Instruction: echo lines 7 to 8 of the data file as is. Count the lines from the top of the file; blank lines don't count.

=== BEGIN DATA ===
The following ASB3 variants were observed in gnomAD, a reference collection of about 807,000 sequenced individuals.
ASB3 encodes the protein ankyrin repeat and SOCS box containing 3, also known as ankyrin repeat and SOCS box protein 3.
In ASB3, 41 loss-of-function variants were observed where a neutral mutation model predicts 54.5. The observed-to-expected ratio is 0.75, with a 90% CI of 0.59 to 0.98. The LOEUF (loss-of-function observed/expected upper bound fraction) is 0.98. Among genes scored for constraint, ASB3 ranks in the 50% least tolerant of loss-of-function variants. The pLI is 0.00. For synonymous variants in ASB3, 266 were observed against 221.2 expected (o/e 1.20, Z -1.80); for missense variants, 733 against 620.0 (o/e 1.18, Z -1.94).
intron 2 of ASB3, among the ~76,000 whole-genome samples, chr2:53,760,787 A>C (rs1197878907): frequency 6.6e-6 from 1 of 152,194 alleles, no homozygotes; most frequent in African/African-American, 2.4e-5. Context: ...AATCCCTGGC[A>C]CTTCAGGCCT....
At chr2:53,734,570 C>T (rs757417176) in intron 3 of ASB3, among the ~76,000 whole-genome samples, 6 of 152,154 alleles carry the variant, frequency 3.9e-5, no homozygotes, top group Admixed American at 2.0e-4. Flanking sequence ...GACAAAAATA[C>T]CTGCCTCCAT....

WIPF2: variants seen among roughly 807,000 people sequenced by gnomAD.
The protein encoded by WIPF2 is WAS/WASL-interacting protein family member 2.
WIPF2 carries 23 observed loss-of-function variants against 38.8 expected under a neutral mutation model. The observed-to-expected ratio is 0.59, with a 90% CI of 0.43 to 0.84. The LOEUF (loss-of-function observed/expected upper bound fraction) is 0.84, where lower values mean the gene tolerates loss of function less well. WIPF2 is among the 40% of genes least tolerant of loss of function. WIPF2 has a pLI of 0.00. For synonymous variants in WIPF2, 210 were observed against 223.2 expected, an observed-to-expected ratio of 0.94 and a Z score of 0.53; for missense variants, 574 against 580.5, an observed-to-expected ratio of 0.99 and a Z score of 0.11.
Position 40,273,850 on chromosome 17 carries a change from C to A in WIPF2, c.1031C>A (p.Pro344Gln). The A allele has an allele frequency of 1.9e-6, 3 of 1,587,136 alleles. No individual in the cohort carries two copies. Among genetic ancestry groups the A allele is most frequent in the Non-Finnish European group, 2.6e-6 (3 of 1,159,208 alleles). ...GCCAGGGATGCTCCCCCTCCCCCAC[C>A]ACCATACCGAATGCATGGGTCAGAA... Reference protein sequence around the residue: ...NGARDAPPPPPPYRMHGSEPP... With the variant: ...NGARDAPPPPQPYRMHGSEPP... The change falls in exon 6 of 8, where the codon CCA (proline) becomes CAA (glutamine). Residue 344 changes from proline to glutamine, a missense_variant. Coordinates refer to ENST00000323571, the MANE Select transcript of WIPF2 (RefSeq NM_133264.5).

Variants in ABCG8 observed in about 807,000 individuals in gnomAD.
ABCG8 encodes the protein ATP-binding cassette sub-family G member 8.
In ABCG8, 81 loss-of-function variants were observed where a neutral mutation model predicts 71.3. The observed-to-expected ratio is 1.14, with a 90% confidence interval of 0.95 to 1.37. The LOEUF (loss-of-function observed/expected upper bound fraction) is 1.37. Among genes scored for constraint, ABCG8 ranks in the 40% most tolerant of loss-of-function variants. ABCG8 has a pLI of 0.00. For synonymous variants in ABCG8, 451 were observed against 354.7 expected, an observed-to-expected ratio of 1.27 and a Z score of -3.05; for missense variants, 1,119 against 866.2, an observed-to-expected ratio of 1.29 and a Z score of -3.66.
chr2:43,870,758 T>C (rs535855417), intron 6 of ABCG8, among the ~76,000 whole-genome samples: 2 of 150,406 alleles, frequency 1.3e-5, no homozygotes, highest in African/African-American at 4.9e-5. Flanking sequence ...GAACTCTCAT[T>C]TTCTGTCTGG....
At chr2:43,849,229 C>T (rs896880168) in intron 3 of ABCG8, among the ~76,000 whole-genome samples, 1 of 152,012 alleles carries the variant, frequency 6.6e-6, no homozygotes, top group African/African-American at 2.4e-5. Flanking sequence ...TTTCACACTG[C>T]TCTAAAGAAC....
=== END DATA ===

The protein encoded by WIPF2 is WAS/WASL-interacting protein family member 2.
WIPF2 carries 23 observed loss-of-function variants against 38.8 expected under a neutral mutation model. The observed-to-expected ratio is 0.59, with a 90% CI of 0.43 to 0.84. The LOEUF (loss-of-function observed/expected upper bound fraction) is 0.84, where lower values mean the gene tolerates loss of function less well. WIPF2 is among the 40% of genes least tolerant of loss of function. WIPF2 has a pLI of 0.00. For synonymous variants in WIPF2, 210 were observed against 223.2 expected, an observed-to-expected ratio of 0.94 and a Z score of 0.53; for missense variants, 574 against 580.5, an observed-to-expected ratio of 0.99 and a Z score of 0.11.